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Bank Charge
The term bank charge covers all charges and fees made by a bank to their customers. In common parlance, the term often relates to charges in respect of personal current accounts or checking account. These charges may take many forms, including: * monthly charges for the provision of an account * charges for specific transactions (other than overdraft limit excesses) * interest in respect of overdrafts (whether authorised or unauthorised by the bank) * charges for exceeding authorised overdraft limits, or making payments (or attempting to make payments) where no authorised overdraft exists. Much of the following discussion relates to the UK personal current account market. Monthly account charges Banks may charge their customers a fixed monthly charge for the provision of the account. In the UK, this was not common practice until the 1990s when banks began to introduce this type of bank charges as a means of product differentiation - often offering additional services bundled with ...
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Halifax (United Kingdom Bank)
Halifax (previously known as Halifax Building Society and colloquially known as The Halifax) is a British banking brand operating as a trading division of Bank of Scotland, itself a wholly owned subsidiary of Lloyds Banking Group. It is named after the town of Halifax, West Yorkshire, where it was founded as a building society in 1853. By 1913 it had developed into the UK's largest building society and continued to grow and prosper and maintained this position within the UK until 1997 when it demutualised. In 1997, it became Halifax plc, a public limited company which was a constituent of the FTSE 100 Index. In 2001, Halifax plc merged with The Governor and Company of the Bank of Scotland, forming HBOS. In 2006, the HBOS Group Reorganisation Act 2006 legally transferred the assets and liabilities of the Halifax chain to Bank of Scotland which became a standard plc, with Halifax becoming a division of Bank of Scotland. A takeover of HBOS by Lloyds TSB was approved by th ...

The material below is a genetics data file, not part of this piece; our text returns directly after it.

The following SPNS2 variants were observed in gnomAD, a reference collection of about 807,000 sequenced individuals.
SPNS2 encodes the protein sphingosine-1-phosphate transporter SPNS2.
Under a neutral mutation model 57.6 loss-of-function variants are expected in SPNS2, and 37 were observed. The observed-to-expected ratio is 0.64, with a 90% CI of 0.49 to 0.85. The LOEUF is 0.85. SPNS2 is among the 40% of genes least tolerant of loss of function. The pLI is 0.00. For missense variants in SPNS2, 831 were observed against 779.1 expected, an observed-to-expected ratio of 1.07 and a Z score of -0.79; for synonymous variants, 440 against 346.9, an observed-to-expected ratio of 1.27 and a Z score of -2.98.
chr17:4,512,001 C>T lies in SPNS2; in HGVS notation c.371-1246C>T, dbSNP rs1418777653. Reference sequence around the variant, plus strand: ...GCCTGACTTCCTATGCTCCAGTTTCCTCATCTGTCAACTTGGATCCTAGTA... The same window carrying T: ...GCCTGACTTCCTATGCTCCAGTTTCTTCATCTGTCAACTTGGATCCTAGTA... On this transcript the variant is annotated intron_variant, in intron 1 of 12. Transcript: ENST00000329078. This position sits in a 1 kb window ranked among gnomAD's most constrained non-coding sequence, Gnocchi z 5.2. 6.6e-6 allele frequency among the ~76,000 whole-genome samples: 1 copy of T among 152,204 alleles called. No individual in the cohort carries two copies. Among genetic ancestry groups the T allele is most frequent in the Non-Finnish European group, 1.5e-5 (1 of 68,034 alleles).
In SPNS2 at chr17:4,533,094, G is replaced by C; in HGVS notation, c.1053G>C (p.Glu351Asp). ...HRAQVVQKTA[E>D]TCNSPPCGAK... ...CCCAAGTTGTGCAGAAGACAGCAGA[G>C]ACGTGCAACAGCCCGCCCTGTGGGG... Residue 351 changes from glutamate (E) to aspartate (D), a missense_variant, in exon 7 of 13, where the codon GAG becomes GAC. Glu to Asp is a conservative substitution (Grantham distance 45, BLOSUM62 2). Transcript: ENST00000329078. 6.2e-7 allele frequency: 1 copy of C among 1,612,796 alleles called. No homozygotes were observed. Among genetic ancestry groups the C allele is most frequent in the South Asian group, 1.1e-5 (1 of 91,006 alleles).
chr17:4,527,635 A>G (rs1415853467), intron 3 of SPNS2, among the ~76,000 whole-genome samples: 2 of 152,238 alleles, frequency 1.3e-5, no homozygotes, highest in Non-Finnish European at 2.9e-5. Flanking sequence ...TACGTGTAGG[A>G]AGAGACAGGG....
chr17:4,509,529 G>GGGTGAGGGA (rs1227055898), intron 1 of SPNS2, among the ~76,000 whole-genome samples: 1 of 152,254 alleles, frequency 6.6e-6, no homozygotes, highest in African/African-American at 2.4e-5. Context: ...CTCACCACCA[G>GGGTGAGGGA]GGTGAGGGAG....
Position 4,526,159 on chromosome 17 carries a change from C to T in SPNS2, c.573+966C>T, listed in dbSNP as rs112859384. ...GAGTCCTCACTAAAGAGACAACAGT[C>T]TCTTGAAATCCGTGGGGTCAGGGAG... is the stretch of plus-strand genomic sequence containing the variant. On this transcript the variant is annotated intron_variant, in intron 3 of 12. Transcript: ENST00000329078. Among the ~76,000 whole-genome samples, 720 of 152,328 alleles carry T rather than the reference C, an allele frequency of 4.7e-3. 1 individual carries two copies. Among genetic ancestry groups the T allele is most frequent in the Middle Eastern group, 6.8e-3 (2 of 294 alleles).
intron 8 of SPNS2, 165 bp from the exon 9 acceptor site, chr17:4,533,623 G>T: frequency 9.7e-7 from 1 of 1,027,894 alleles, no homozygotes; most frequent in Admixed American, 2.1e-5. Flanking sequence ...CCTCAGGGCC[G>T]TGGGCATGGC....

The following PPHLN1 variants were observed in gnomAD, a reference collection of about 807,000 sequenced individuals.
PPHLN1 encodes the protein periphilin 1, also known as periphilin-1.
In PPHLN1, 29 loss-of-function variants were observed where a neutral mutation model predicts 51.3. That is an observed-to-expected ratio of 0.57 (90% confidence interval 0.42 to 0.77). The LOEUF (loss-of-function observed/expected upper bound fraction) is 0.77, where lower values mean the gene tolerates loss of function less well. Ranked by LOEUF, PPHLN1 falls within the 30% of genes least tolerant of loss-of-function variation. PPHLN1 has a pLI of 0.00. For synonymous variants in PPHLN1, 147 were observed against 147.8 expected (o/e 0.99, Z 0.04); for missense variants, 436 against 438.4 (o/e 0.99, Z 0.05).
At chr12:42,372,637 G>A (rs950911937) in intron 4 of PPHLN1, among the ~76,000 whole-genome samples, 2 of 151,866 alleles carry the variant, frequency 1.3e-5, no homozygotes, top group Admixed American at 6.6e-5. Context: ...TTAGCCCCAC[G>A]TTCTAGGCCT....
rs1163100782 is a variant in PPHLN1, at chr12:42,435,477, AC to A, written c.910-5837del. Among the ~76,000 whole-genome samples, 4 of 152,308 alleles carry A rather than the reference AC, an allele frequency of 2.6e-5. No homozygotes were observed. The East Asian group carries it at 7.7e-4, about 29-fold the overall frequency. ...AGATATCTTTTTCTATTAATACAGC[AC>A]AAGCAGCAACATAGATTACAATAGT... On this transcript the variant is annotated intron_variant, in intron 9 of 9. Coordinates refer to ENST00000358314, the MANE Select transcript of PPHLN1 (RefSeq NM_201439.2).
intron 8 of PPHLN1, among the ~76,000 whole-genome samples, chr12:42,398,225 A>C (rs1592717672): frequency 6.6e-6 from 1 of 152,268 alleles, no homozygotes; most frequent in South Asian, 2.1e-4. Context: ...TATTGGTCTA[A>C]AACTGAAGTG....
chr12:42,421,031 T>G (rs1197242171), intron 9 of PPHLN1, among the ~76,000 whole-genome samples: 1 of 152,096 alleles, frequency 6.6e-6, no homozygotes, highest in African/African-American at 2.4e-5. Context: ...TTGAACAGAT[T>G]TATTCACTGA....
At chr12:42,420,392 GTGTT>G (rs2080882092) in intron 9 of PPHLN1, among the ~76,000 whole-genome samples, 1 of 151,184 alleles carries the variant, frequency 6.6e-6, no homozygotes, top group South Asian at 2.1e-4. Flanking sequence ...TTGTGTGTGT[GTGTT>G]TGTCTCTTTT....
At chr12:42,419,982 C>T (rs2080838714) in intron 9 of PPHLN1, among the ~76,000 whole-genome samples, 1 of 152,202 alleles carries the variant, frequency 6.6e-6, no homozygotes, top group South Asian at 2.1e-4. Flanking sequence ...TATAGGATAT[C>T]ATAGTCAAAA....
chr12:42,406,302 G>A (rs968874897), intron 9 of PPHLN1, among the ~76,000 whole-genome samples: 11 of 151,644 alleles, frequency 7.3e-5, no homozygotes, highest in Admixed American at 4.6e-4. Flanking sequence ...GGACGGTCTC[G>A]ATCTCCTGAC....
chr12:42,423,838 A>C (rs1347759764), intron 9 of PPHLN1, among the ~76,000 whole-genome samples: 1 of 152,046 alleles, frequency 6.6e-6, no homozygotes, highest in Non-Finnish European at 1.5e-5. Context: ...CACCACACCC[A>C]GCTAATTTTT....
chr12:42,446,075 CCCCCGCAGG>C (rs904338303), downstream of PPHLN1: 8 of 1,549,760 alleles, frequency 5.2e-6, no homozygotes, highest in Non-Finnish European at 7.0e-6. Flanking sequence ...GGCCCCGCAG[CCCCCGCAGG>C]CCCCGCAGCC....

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Lloyds Banking Group
Lloyds Banking Group is a British financial institution formed through the acquisition of HBOS by Lloyds TSB in 2009. It is one of the UK's largest financial services organisations, with 30 million customers and 65,000 employees. Lloyds Bank was founded in 1765 but the wider Group's heritage extends over 320 years, dating back to the founding of the Bank of Scotland by the Parliament of Scotland in 1695. The Group's headquarters are located at 25 Gresham Street in the City of London, while its registered office is on The Mound in Edinburgh. It also operates office sites in Birmingham, Bristol, West Yorkshire and Glasgow. The Group also has extensive overseas operations in the US, Europe, the Middle East and Asia. Its headquarters for business in the European Union is in Berlin, Germany. The business operates under a number of distinct brands, including Lloyds Bank, Halifax, Bank of Scotland and Scottish Widows. Former Chief Executive António Horta-Osório told ''The ...